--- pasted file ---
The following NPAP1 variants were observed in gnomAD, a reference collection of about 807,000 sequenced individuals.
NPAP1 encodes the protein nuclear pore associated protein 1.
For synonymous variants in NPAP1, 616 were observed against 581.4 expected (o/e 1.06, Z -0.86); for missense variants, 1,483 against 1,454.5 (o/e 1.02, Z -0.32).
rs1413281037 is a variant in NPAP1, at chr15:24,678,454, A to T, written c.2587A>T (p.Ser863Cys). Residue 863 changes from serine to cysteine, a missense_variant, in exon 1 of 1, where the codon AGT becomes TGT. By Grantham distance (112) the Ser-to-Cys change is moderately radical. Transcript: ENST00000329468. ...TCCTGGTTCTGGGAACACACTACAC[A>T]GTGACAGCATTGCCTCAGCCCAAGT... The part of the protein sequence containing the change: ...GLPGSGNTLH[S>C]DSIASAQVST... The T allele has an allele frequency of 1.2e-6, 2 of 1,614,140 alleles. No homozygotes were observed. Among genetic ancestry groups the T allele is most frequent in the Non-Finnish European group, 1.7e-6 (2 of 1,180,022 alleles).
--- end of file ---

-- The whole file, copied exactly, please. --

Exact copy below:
The following NPAP1 variants were observed in gnomAD, a reference collection of about 807,000 sequenced individuals.
NPAP1 encodes the protein nuclear pore associated protein 1.
For synonymous variants in NPAP1, 616 were observed against 581.4 expected (o/e 1.06, Z -0.86); for missense variants, 1,483 against 1,454.5 (o/e 1.02, Z -0.32).
rs1413281037 is a variant in NPAP1, at chr15:24,678,454, A to T, written c.2587A>T (p.Ser863Cys). Residue 863 changes from serine to cysteine, a missense_variant, in exon 1 of 1, where the codon AGT becomes TGT. By Grantham distance (112) the Ser-to-Cys change is moderately radical. Transcript: ENST00000329468. ...TCCTGGTTCTGGGAACACACTACAC[A>T]GTGACAGCATTGCCTCAGCCCAAGT... The part of the protein sequence containing the change: ...GLPGSGNTLH[S>C]DSIASAQVST... The T allele has an allele frequency of 1.2e-6, 2 of 1,614,140 alleles. No homozygotes were observed. Among genetic ancestry groups the T allele is most frequent in the Non-Finnish European group, 1.7e-6 (2 of 1,180,022 alleles).